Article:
As Stephanie and I took the leap to quit our corporate jobs to launch Mana, we recognized we were falling into some of the same cognitive traps that we’ve studied in behavioral economics. Even as women who spend their every day living and breathing finance, we too, needed the help. So when we hired each other to act as each other’s family CFOs we humbly realized that even experts can be more successful when we ask for help. If you’re a woman in finance like us, I’m specifically writing this piece to tell you that you’re not alone.
Here are just a few reasons why:
A successful career in finance doesn’t mean you have to know everything about personal finance. Don’t let stereotypes get you down; instead, let the facts inform your decisions. Although women make up half of the finance industry’s population, countless surveys have shown that a gender pay gap persists for women working across all US Financial Occupations. Over the course of twenty, thirty or forty years, less pay for women in finance means that women must take more action to invest their money in the markets to close that gap.
Women traditionally keep more of their assets in cash than men. A recent study from BlackRock showed that of all the assets women control, women keep a full 71% of it in cash, while men hold 60%. If you’re making more money than your expenses and you have choices to make on how you spend and invest the rest of your income, you might benefit from objective advice and guidance on how to maximize your resources to fund the things you most want to accomplish. Cash in the bank gives you flexibility to prioritize those goals, but investing in the market over the long run can bring those goals to life.
Women in the US spend about 244 minutes or over four hours per day on average doing unpaid work, according to the OECD. Alongside a full time job, you might also keep your household running on all cylinders. Oftentimes, women have more plates spinning then you have hands, so managing your money might take a backseat. Even though studies have shown that women are better investors, for many of us, money can still be scary. So scary that 61% of women would rather talk about their own death than money. If you don’t dedicate the time it takes to manage your investments, your family budget, and/or maximizing the benefits your employer offers, you can be missing out on tens of thousands of dollars of missed opportunities. A financial planner can serve as your professional guide to all aspects of your financial life and deliver peace of mind to you and your family.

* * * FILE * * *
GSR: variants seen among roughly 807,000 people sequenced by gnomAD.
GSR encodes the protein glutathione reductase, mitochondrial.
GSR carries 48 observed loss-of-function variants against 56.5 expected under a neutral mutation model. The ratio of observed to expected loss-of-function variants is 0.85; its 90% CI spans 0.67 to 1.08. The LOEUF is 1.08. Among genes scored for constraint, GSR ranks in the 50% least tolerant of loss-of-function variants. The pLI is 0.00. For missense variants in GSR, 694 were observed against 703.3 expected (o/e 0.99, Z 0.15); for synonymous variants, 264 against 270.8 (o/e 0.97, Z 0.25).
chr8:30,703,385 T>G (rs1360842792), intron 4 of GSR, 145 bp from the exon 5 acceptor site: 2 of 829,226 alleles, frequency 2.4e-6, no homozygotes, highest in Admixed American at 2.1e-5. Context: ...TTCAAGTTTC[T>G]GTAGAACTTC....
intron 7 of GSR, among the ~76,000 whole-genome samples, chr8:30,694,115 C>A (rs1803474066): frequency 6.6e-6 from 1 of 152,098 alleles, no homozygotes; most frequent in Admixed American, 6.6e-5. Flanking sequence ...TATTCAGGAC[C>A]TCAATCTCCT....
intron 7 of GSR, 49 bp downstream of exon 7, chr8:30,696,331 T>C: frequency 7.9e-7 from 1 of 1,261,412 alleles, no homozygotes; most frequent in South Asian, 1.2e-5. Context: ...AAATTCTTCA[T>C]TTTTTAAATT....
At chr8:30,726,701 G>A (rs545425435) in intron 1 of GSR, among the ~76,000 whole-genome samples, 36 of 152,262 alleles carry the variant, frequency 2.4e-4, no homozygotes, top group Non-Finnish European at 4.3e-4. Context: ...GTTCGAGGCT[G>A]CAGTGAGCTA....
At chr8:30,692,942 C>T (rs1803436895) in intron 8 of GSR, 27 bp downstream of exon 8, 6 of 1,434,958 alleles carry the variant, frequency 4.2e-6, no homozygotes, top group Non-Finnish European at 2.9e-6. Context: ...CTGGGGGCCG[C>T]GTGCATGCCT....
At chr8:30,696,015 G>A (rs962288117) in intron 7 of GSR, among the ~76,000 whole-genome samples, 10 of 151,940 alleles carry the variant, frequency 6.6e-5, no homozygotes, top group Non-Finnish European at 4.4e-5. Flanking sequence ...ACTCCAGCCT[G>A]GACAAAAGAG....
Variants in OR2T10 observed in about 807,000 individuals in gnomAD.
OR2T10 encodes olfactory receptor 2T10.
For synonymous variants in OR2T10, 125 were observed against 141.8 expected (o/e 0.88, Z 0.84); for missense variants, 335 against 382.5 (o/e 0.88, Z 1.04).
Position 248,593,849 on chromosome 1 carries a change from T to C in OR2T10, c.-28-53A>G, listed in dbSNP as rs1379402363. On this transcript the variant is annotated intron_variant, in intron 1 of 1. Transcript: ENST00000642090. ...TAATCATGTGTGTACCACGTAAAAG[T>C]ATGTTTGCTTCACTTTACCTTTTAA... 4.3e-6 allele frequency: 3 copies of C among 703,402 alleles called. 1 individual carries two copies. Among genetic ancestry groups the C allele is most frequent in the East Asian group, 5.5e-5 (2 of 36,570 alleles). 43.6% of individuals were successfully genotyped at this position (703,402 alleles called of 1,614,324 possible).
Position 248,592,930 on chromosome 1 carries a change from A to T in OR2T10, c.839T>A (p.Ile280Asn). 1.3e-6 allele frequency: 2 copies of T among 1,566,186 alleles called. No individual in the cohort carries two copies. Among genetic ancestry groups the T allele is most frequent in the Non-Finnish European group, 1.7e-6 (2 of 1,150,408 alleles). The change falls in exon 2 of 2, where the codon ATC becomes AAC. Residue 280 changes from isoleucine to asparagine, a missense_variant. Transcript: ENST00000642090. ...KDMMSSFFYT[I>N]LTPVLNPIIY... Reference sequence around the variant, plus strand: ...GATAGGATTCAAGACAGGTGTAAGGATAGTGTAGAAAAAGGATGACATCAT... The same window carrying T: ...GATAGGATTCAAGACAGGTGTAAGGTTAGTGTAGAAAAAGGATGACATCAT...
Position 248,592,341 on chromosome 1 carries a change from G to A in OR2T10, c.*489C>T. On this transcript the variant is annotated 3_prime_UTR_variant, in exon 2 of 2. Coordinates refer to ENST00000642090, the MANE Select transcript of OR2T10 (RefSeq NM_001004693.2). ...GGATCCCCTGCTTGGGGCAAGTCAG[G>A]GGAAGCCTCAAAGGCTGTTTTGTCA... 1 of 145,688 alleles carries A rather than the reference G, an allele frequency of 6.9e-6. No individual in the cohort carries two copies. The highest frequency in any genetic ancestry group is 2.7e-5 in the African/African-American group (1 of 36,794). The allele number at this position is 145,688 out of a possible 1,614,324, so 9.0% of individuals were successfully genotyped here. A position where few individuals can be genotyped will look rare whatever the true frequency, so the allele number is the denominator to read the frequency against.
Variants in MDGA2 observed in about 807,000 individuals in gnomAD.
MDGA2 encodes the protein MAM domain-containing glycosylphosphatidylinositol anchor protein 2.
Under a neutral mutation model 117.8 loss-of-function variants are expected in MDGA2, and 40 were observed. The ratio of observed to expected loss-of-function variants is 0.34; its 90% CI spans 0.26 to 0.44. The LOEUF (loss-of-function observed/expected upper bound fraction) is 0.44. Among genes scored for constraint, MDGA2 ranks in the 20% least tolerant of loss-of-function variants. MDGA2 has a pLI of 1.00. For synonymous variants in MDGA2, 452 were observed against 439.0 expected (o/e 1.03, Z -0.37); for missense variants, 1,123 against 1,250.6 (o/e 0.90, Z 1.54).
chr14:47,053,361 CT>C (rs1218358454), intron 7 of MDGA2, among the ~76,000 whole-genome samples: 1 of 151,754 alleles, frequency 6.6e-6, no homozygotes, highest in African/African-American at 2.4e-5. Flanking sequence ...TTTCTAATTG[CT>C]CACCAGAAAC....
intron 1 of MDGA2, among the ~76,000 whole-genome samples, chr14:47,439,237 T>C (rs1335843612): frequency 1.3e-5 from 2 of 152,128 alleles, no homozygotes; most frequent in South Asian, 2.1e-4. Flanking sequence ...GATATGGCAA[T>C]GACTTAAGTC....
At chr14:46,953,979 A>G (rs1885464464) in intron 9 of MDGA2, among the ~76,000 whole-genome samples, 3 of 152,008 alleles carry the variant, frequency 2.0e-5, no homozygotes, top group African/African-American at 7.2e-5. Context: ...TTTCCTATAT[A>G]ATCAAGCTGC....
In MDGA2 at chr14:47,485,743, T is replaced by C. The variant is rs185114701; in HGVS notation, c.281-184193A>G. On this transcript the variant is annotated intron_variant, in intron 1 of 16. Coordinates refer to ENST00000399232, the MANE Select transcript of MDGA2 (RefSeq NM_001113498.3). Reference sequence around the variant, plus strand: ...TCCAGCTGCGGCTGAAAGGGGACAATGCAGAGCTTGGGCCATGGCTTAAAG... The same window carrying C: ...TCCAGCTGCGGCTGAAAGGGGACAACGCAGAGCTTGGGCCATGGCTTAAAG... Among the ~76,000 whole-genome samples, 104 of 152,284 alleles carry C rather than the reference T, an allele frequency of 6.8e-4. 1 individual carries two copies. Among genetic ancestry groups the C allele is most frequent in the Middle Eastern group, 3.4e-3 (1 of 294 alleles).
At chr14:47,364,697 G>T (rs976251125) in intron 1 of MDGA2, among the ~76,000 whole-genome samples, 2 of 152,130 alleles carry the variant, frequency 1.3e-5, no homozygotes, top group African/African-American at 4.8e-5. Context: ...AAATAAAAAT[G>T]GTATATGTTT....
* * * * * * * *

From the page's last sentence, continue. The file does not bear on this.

Partnerships in accountability, open communication, and strength in numbers.
If you’re a woman in finance and you’ve wondered if there is another way to deal with your money questions - know that there are resources out there. I’ve learned so much from my thirteen years in the industry. The simple act of having a professional partner to check in and keep you accountable can make a huge difference. Our most important lesson? The best resource is your incredible network of colleagues, friends and mentors. Stephanie and I have developed many invaluable personal connections throughout our career. Despite our success, we firmly believe that it’s ok to reach out and ask for guidance.
Cristina Livadary is a fee-only financial planner based in Los Angeles, California and is the CEO of Mana Financial Life Design. Mana Financial Life Design provides comprehensive financial planning and investment management services to help clients organize, grow and protect their wealth throughout life’s journey. Mana specializes in advising professionals in the tech industry, as well as women who work in institutional investing, through financial planning and investment management. As a fee-only fiduciary and independent financial advisor, Cristina never receives commission of any kind. She is legally bound by her certification to provide unbiased and trustworthy financial advice.